Which coffee is the one for you?
There are so many different types of coffee drinks out there, and the list is still growing. The variables that come into play may be milk intolerance, caffeine intolerance, diet of the week, and weather to name a few. I will attempt to remove the myriad of caffeine variances, as this may come into play for some. I get you. ;)
Let's start with hot or cold: Are we digging a hot drink because of the cold weather or an iced drink because of the beating sun? What I generally do when making this oh so important first decision, is imagine how I am going to feel several sips in. If it's killer hot outside, the hot drink allure may have worn off by the third sip. This one is going to come down to your personality and our ability to take a walk on the wild side, as the majority of people drink hot coffee as their go-to.
Okay, let's get down to the strength of the coffee on the palette. If you happen to be used to espresso, then this may not be too much of a shocker. There is a scale of coffee taste based on the amount of pressure and temperature subjected upon the grounds. Let's set our 1 spot at diner coffee and our 10 spot at ristretto. I know what you're thinking...what about double shot and a red eye. Don't worry, I won't leave anyone out. Red eye will live around 8 and single or double will take up the 9 spot. A lungo or a long shot and an americano are going to be chilling around the 3 and 4 range respectively. Once we know how much strength of coffee taste we want in our cup, let's add some of the fancy stuff.
Milk..the most controversial nectar and the catalyst of the next prohibition, can be added cold, frothed, steamed, whipped, and probably a million other ways that just were discovered while I was writing this. Adding steamed milk to a coffee will make a wonderful cafe au lait, where adding steamed milk to an espresso [or a double] will bring you around to a cortado. Keep pouring and you'll be holding a flat white. If you get fancy and you're wanting some foam or frothed milk in the mix you'll be at a latte, cafe con leche, or caffe latte. Now if you pour yourself a single or a double and you want more frothed milk than steamed milk, you're in good company with a cappuccino. Try a dry cappuccino if you don't want any steamed milk. If you're feeling really risky, you can order a macchiato at a traditional shop, not starbucks, and you'll be holding an tiny mug with a shot of espresso and about a tablespoon of foam. Yuuuum.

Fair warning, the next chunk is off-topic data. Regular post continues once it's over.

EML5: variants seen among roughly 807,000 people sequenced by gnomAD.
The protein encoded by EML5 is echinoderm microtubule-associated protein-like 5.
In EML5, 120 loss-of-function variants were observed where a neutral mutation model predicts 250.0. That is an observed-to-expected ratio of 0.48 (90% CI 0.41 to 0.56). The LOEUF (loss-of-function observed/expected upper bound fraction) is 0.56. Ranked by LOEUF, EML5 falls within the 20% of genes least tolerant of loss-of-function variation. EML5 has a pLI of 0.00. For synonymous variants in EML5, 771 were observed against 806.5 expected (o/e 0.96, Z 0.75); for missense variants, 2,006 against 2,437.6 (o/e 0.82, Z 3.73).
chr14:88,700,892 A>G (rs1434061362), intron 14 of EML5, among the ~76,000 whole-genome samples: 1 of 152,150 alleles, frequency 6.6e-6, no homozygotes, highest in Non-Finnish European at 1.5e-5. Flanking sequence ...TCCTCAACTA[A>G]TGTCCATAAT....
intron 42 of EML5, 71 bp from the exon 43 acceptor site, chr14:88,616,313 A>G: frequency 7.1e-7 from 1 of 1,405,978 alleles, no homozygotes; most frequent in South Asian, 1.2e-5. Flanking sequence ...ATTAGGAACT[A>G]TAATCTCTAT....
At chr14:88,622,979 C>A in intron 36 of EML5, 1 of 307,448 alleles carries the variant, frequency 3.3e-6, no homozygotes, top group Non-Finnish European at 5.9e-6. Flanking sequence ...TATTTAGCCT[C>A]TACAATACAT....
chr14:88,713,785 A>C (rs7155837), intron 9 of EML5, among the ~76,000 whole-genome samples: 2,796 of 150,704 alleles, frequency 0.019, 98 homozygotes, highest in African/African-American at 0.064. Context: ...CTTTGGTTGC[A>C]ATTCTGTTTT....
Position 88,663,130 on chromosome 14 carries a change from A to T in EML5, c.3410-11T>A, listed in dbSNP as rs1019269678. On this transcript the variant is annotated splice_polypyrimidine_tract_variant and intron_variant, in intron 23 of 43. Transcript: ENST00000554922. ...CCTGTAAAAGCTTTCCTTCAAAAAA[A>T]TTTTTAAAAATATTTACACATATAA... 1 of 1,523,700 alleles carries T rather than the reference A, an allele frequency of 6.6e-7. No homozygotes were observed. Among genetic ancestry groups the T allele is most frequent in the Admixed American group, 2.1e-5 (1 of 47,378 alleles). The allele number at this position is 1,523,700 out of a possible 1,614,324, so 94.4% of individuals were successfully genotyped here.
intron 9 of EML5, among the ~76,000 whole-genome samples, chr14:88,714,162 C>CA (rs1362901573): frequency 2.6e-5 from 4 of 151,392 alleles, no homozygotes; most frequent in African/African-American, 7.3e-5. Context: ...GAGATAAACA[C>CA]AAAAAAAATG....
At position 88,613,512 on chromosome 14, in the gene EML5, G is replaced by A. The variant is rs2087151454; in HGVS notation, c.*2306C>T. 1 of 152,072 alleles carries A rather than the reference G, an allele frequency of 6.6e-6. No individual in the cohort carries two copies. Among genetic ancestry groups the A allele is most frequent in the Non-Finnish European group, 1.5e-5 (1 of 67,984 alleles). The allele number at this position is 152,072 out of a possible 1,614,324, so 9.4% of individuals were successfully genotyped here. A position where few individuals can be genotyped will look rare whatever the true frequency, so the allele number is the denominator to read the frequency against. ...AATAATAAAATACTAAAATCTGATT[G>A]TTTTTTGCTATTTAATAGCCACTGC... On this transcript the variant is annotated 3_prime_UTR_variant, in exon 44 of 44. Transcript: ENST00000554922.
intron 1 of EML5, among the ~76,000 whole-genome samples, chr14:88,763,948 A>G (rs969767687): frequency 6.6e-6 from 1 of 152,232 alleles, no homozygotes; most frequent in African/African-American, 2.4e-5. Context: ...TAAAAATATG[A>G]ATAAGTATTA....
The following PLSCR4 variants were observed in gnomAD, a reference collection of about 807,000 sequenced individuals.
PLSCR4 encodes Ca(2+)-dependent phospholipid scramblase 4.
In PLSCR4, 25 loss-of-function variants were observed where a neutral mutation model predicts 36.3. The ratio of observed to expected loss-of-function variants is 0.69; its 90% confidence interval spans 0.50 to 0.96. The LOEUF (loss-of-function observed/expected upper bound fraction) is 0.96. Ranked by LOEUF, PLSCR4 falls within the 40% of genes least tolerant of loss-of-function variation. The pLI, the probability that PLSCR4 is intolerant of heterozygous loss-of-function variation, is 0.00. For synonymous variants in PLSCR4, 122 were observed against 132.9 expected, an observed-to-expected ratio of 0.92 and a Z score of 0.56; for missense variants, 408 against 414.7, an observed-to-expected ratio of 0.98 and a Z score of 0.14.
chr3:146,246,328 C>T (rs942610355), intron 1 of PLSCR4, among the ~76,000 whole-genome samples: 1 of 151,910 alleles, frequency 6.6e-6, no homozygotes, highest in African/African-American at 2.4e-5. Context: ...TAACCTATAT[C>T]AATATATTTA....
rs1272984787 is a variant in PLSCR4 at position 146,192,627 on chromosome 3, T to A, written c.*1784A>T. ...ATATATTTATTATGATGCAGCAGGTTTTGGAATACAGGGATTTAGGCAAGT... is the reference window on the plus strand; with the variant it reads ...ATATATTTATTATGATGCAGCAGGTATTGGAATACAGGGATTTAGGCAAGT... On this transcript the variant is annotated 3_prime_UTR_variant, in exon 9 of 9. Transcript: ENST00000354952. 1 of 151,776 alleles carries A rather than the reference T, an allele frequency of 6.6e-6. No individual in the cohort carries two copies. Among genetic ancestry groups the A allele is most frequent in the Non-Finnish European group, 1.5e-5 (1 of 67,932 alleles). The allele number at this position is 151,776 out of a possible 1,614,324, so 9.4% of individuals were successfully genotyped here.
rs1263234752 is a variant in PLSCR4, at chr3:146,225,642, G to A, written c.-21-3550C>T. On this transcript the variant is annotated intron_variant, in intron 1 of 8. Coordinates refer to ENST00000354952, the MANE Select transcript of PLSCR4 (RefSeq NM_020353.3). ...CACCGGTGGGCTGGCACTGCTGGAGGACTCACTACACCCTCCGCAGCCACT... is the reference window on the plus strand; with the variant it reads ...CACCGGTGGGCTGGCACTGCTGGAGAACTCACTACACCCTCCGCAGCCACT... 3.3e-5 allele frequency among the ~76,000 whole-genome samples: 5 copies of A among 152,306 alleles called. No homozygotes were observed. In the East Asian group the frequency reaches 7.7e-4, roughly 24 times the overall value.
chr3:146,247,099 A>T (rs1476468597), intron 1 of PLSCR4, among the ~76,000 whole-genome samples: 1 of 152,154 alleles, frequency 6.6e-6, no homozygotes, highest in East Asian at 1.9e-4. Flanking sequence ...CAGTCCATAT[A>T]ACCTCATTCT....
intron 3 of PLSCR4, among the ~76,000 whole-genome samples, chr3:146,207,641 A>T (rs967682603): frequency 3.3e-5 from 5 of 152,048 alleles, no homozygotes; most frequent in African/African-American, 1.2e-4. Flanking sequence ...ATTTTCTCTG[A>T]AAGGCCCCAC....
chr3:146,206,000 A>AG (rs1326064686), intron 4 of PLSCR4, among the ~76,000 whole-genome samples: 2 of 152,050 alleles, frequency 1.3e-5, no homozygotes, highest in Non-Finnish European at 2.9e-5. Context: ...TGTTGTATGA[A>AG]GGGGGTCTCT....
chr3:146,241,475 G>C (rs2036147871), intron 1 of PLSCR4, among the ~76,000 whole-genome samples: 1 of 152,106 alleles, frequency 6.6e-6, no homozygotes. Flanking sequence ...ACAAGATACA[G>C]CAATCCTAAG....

Gimme some sugar, suga'. If you pour yourself that single shot, now add three tablespoons of sugar while it's pouring. You read it correctly...3! Stir, stir, stir. Now you run her another couple of ounces to the size of a double, you've recreated the liquid crack of Miami's cuban cafes. The colada. You're welcome. Generally these are shared, but I don't judge if you're selfish with your coffee. Now, let's take that shot of espresso, add about 1.5 tablespoons of sugar with similar stirring power and top it off with steamed milk and foam...the cortadito. Sugar can be added to any of the above mentioned drinks to take the bite out.
There are a multitude of flavors that can be added to individualize, such as chocolate, caramel, and vanilla, salt, cayenne, and so many more. You can also add ice or even go so far as to blend it. Ice will completely change the taste of your coffee; I happen to love a triple shot over ice and a triple shot hot in their own rights.
I hope this helps to make it easier to order different types of coffee by having a little move background information on some of the drinks.
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